49. LDR Char Pit, Rochester, New York
50. Lions Tap, Eden Prairie, Minnesota
51. Lurk’s Bar, Afton, Minnesota
52. Matt’s Bar, Minneapolis, Minnesota
53. McGuire’s Irish Pun, Pensacola, Florida
54. Miner’s Drive-In, Yakima, Wisconsin
55. Montreal French Fries, West Bridgewater, Massachusetts
56. Nation’s Giant Hamburgers, Northern California
57. Neils’ In & Out, La Grande, Oregon
58. P. Terry’s, Austin, Texas
59. Pak-A-Sak, Enid, Oklahoma
60. Rich’s Drive-In, Somers, Connecticut.
61. Rose’s, Canoga Park, California
62. Rotier’s, Nashville, Tennessee
63. Saluit, St. Paul, Minnesota
64. Schaller’s, Rochester, New York
65. Smith & Wollensky, New York, New York
66. Superior Bar & Grill, Superior, Wisconsin
67. Swensen’s Drive-Ins, Akron, Ohio.
68. Taylor’s, Loomis, California
69. Tebo's Gladstone, Oregon
70. Ted’s Steamed Cheeseburger, Meriden, Connecticut
71. The Blue Lantern, Buffalo, New York
72. The Cherry Cricket, Denver, Colorado
73. The Cotton Bottom, Salt Lake City, Utah.
74. The Craftsman, Minneapolis, Minnesota
75. The Station Café, Bentonville, Arkansas
76. Thurman’s Café, Columbus, Ohio.
77. Time Square Diner, Toronto, Canada
78. Tom Wahl’s, Rochester, New York
79. Town Topic, Kansas City, Missouri
80. Village Café, San Jose, California
81. Vincent, Minneapolis, Minnesota
82. White Hut, Springfield, Massachusetts
83. Whitey’s Booze and Burgers, Richfield, Ohio
84. Whitey’s Booze N’ Burgers, Richfield, Ohio
85. Wild Willy’s, York, Maine
86. Willie’s Weenie Wagon, Markham, Illinois
87. Zippy's, Kahului, Maui


MorningNewsBeat: "Corporate Citizenship Ranked In New Poll
The Boston College Center for Corporate Citizenship (BCCCC) and Reputation Institute are out with their annual Corporate Social Responsibility Index (CSRI), which looks at how major companies deal with the reality and perceptions of citizenship, governance and workplace issues.

One retailer is included in the list – Publix. A number of suppliers to the food industry also make the top rankings, including Campbell Soup, Johnson & Johnson, Kraft, General Mills, Anheuser-Busch and Sara Lee.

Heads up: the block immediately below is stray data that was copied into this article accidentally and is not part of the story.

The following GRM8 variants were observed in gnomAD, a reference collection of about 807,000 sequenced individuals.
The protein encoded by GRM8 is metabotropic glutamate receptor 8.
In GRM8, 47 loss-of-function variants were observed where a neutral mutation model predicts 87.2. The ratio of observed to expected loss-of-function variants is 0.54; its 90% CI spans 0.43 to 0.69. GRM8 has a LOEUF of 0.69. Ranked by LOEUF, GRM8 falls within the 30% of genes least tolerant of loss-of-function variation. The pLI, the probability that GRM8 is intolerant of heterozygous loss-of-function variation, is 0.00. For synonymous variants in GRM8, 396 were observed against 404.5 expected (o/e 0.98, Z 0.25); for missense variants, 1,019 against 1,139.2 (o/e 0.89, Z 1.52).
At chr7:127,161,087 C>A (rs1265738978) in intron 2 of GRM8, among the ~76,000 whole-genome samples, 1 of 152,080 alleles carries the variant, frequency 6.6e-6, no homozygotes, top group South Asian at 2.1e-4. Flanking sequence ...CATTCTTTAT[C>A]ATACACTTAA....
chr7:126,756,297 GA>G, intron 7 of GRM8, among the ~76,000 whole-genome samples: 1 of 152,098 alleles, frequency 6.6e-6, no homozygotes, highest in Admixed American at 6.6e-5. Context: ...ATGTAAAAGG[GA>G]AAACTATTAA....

The top companies are:

1. Google
2. Campbell Soup
3. Johnson & Johnson
4. Walt Disney
5. Kraft Foods
6. General Mills
7. Levi Strauss
8. UPS
9. Berkshire Hathaway
10. Microsoft
11. 3M
12. FedEx
13. Anheuser-Busch
14. Sara Lee
15. Apple
16. General Electric
17. Publix Super Markets
18. Honda of America
19. Deere & Company
20. Adobe Systems
21. Xerox
22. New Balance
23. Toyota Motor Corp.
24. Texas Instruments"
Thanksgiving Dinner This Year Will Be More Expensive
The Los Angeles Times reports that a new report from the American Farm Bureau Federation says that the average cost of a Thanksgiving dinner – including turkey, stuffing, potatoes, cranberries, pumpkin pie – will be up 5.6 percent this year compared to 2007, to $44.61 for ten people.

However, the group notes that adjusted for inflation, the cost of Thanksgiving dinner is a better deal this year than it was 20 years ago, and is cheaper per-person than a fast food meal.

Morning News Beat

Thursday, November 13, 2008

Lykke Li - Dance Dance Dance

more about "Lykke Li - Dance Dance Dance", posted with vodpod

Tie a knot in it

Exotic Edible House Plants, Fruits & Vegetables | WebEcoist

Exotic Edible House Plants, Fruits & Vegetables | WebEcoist

California Mandarin Oranges Billed As Super-Fruit | digtriad.com | Triad, NC | Health News

California Mandarin Oranges Billed As Super-Fruit | digtriad.com | Triad, NC | Health News

New Study Finds Cranberries Equal Probiotics' Contribution To Digestive Health :: News :: Natural and Nutritional Products Industry Center

New Study Finds Cranberries Equal Probiotics' Contribution To Digestive Health :: News :: Natural and Nutritional Products Industry Center

Brassicas Today :: News

Brassicas Today :: News

Grape news for heart health - The Irish Times - Tue, Nov 11, 2008

Grape news for heart health - The Irish Times - Tue, Nov 11, 2008

Baby, you're home - International Herald Tribune

Baby, you're home - International Herald Tribune

The problem with the US food industry